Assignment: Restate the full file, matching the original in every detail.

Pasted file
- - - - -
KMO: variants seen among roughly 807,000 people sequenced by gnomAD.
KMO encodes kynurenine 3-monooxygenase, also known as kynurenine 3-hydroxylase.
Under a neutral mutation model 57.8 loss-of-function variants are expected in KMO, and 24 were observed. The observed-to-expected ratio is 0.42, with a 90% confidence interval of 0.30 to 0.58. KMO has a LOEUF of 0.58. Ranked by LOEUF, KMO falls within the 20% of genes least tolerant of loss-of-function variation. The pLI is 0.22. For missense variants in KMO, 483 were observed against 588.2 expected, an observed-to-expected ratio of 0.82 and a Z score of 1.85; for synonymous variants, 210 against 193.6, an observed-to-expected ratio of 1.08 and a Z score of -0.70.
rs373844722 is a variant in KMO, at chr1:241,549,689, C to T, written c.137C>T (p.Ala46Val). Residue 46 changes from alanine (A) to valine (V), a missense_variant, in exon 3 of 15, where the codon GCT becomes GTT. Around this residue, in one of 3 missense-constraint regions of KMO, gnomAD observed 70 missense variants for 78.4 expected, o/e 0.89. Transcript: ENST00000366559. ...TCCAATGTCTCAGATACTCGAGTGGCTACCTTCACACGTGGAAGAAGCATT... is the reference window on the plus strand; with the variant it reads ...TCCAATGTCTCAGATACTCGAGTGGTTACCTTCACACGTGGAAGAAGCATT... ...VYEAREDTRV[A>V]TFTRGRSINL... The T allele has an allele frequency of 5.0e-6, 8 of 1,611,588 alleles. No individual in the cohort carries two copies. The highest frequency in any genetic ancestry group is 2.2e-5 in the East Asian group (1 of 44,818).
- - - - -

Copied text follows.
KMO: variants seen among roughly 807,000 people sequenced by gnomAD.
KMO encodes kynurenine 3-monooxygenase, also known as kynurenine 3-hydroxylase.
Under a neutral mutation model 57.8 loss-of-function variants are expected in KMO, and 24 were observed. The observed-to-expected ratio is 0.42, with a 90% confidence interval of 0.30 to 0.58. KMO has a LOEUF of 0.58. Ranked by LOEUF, KMO falls within the 20% of genes least tolerant of loss-of-function variation. The pLI is 0.22. For missense variants in KMO, 483 were observed against 588.2 expected, an observed-to-expected ratio of 0.82 and a Z score of 1.85; for synonymous variants, 210 against 193.6, an observed-to-expected ratio of 1.08 and a Z score of -0.70.
rs373844722 is a variant in KMO, at chr1:241,549,689, C to T, written c.137C>T (p.Ala46Val). Residue 46 changes from alanine (A) to valine (V), a missense_variant, in exon 3 of 15, where the codon GCT becomes GTT. Around this residue, in one of 3 missense-constraint regions of KMO, gnomAD observed 70 missense variants for 78.4 expected, o/e 0.89. Transcript: ENST00000366559. ...TCCAATGTCTCAGATACTCGAGTGGCTACCTTCACACGTGGAAGAAGCATT... is the reference window on the plus strand; with the variant it reads ...TCCAATGTCTCAGATACTCGAGTGGTTACCTTCACACGTGGAAGAAGCATT... ...VYEAREDTRV[A>V]TFTRGRSINL... The T allele has an allele frequency of 5.0e-6, 8 of 1,611,588 alleles. No individual in the cohort carries two copies. The highest frequency in any genetic ancestry group is 2.2e-5 in the East Asian group (1 of 44,818).